By the end of the decade, though, Musharraf had been dethroned and the Pakistan Army had swung back to its default positions — renewed support for the Taliban in Afghanistan, expanding attacks on the Kabul government’s positions, and scuttling of civilian leaders’ efforts to expand the engagement with India. Pakistan also teased an increasingly war-weary Washington into a negotiation with the Taliban for a peace settlement.

Last week marks a huge triumph for Pakistan’s Afghan policy. It not only ensured a swift Taliban advance across Afghanistan but also a peaceful surrender of Kabul. The Taliban leaders are also saying all the right things about letting the foreigners leave, protecting lives and properties of Afghan people, and respecting the rights of women. Reports from the provinces, however, point to gross human rights abuses by the Taliban. If the new Taliban dispensation demonstrates a better record in Kabul, it might encourage the world to respond positively. That of course is a big “if”.

For Delhi, a bigger question mark will be about the Taliban’s renewed support for international terrorism and Pakistan’s re-direction of jihadi groups that have allegedly fought with the Taliban towards India. Delhi, however, will go by evidence from the ground rather than verbal promises.

What about the Taliban’s ideology? Like all radical groups, the Taliban will have trouble balancing its religious ideology with the imperatives of state interests. Delhi would want to carefully watch how this tension plays out.

Equally important is the nature of the relationship between the Taliban and Pakistan. Although Pakistan’s leverage over the Taliban is real, it may not be absolute. The Taliban is bound to seek a measure of autonomy from Pakistan. India will have to wait a while, though, before the current chill between Delhi and the Taliban can be overcome.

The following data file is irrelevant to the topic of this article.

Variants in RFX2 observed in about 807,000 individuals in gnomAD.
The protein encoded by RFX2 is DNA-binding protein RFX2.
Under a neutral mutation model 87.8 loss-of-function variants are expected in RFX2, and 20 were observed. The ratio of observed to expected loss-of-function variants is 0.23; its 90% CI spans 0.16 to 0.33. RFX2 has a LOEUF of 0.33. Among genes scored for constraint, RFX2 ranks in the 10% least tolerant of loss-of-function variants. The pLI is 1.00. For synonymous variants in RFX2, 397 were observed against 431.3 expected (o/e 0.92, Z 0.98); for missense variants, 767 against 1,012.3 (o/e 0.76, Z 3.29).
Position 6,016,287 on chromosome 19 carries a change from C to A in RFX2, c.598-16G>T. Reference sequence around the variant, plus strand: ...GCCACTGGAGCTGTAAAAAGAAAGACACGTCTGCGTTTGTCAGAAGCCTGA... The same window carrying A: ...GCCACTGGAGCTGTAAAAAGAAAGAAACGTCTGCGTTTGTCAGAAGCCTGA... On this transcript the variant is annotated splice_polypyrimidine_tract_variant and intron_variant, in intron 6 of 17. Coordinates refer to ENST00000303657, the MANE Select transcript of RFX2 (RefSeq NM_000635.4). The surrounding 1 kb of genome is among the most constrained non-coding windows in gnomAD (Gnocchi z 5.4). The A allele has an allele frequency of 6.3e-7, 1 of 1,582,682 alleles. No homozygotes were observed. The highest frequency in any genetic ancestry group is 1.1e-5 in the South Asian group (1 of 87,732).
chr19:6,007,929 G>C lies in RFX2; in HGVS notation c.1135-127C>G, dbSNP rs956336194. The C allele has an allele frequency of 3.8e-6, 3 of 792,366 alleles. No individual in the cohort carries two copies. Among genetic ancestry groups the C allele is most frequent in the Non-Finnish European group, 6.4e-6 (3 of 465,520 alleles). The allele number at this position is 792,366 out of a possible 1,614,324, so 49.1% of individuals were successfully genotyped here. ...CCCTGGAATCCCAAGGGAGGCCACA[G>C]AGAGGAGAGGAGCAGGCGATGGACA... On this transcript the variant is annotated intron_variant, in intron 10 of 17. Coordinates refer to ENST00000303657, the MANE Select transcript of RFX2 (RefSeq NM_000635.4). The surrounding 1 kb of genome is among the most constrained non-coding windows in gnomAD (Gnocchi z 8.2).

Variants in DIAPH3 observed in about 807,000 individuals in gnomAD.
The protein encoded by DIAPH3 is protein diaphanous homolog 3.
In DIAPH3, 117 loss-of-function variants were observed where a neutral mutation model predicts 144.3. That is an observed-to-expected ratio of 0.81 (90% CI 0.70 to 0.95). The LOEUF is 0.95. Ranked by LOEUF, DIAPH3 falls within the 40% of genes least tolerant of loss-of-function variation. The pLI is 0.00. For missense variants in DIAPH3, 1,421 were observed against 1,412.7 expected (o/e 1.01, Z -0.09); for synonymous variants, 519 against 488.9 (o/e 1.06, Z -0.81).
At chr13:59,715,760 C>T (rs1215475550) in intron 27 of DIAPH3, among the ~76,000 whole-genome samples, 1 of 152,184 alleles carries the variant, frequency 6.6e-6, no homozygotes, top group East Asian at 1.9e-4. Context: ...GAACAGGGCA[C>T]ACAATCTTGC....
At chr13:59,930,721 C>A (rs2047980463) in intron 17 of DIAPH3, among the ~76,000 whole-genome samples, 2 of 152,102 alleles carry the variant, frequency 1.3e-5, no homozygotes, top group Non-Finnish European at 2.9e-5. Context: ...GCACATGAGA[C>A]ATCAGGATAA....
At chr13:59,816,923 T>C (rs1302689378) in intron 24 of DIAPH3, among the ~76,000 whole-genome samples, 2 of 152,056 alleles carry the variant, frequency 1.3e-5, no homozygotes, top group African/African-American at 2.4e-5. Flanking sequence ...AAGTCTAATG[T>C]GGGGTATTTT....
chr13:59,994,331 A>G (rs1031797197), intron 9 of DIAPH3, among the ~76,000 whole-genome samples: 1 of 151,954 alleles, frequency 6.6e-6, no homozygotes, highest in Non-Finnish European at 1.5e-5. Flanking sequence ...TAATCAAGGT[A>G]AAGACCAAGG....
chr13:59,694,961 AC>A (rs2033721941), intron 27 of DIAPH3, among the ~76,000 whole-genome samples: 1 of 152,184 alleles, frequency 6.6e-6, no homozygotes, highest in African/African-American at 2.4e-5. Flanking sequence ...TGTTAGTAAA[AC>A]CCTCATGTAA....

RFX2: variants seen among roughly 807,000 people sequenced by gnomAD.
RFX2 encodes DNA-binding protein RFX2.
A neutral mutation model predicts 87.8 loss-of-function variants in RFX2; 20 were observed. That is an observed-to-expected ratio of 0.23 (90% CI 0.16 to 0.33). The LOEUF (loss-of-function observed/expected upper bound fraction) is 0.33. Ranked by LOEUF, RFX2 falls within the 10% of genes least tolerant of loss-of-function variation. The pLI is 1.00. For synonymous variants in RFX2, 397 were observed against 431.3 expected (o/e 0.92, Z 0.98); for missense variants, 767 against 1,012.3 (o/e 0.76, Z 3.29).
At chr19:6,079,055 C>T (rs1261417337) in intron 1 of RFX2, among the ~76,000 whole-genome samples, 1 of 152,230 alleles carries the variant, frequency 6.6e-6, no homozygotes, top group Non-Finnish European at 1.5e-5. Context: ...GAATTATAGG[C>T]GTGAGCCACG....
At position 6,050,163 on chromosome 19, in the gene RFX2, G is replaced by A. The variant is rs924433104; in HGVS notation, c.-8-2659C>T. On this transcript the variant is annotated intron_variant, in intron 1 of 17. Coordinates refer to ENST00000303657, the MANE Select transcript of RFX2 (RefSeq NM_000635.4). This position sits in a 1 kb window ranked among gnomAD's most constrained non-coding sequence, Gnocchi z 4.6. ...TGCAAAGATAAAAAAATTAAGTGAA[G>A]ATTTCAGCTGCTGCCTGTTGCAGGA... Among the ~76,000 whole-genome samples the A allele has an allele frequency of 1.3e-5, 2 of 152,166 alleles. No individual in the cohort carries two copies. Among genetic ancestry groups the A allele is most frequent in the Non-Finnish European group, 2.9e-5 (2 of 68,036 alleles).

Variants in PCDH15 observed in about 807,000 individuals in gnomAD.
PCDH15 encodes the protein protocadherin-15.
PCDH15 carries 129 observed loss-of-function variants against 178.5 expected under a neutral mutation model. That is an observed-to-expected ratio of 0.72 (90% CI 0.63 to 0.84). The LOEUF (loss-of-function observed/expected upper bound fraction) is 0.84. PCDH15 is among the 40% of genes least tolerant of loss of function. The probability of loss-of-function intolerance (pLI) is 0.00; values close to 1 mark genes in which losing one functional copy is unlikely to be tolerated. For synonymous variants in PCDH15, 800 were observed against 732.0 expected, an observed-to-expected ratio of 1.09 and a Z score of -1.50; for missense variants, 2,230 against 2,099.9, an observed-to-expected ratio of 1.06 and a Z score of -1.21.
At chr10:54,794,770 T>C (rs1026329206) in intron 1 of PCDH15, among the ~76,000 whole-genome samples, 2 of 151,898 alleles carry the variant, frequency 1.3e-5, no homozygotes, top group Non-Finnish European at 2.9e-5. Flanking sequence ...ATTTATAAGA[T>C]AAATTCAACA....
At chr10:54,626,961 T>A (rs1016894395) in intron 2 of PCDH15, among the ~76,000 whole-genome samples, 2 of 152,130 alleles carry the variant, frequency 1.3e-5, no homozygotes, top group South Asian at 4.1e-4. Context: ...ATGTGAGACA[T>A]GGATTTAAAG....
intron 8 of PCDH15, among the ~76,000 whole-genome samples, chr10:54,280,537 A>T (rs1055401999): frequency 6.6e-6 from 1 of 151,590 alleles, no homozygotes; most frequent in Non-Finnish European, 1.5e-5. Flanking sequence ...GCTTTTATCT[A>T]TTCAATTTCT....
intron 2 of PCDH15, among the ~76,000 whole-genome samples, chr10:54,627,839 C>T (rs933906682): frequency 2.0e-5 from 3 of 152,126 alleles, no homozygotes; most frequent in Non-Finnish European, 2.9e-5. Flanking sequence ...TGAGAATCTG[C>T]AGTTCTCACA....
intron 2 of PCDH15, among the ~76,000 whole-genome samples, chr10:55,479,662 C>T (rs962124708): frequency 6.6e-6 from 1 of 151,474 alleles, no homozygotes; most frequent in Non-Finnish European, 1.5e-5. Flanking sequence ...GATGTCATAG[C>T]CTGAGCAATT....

While Delhi must fully prepare for a renewal of cross-border terror, the international conditions of the 1990s and 2020s are rather different. There is a lot less global acceptance of terrorism today than in the permissive 1990s. No major power would like to see Afghanistan re-emerge as a global sanctuary of terror. The world has also imposed significant new constraints on Pakistan’s support for terror through mechanisms like the Financial Action Task Force. Unlike in the 1990s, when Delhi simply absorbed the terror attacks, it now shows the political will to retaliate forcefully.

What about a regional geopolitical alignment against India after the American scramble out of Afghanistan? While the US retreat has been humiliating, there is no question that the US would have left sooner than later. It is also important to note that the US and the West will continue to have a say in shaping the international attitudes towards the new regime. The Taliban and Pakistan appear to be acutely conscious of this reality. Meanwhile, the US withdrawal compels the creation of a new balance of power system in and around Afghanistan. On both fronts, the contradictions facing the Taliban and Pakistan are real.

Structuring the internal balance of power within Afghanistan has always been hard. It remains to be seen if the Taliban and Pakistan can do any better than the last time when the Taliban ruled. A deeper Sino-Pak partnership in Afghanistan will inevitably produce countervailing trends. For a patient, open-minded and active India, there will be no dearth of balancing opportunities in Afghanistan.

This column first appeared in the print edition on August 17, 2021 under the title ‘The changing Af-Pak’. The writer is director, Institute of South Asian Studies, National University of Singapore and contributing editor on international affairs for The Indian Express